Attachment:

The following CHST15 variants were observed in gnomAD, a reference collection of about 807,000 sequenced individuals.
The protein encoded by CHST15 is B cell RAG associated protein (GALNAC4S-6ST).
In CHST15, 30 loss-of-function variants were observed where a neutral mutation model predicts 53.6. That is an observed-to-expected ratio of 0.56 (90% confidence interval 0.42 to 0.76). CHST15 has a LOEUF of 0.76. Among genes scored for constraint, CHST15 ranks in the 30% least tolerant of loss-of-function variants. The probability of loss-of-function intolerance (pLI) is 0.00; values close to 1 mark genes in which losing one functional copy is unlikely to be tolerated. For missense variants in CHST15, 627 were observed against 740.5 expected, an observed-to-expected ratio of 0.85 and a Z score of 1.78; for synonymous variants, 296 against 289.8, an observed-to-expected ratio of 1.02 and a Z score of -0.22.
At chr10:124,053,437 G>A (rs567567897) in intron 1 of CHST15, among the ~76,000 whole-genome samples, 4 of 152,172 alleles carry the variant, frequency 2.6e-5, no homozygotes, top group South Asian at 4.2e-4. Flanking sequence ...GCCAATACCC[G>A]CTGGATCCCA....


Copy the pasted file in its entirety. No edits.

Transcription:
The following CHST15 variants were observed in gnomAD, a reference collection of about 807,000 sequenced individuals.
The protein encoded by CHST15 is B cell RAG associated protein (GALNAC4S-6ST).
In CHST15, 30 loss-of-function variants were observed where a neutral mutation model predicts 53.6. That is an observed-to-expected ratio of 0.56 (90% confidence interval 0.42 to 0.76). CHST15 has a LOEUF of 0.76. Among genes scored for constraint, CHST15 ranks in the 30% least tolerant of loss-of-function variants. The probability of loss-of-function intolerance (pLI) is 0.00; values close to 1 mark genes in which losing one functional copy is unlikely to be tolerated. For missense variants in CHST15, 627 were observed against 740.5 expected, an observed-to-expected ratio of 0.85 and a Z score of 1.78; for synonymous variants, 296 against 289.8, an observed-to-expected ratio of 1.02 and a Z score of -0.22.
At chr10:124,053,437 G>A (rs567567897) in intron 1 of CHST15, among the ~76,000 whole-genome samples, 4 of 152,172 alleles carry the variant, frequency 2.6e-5, no homozygotes, top group South Asian at 4.2e-4. Flanking sequence ...GCCAATACCC[G>A]CTGGATCCCA....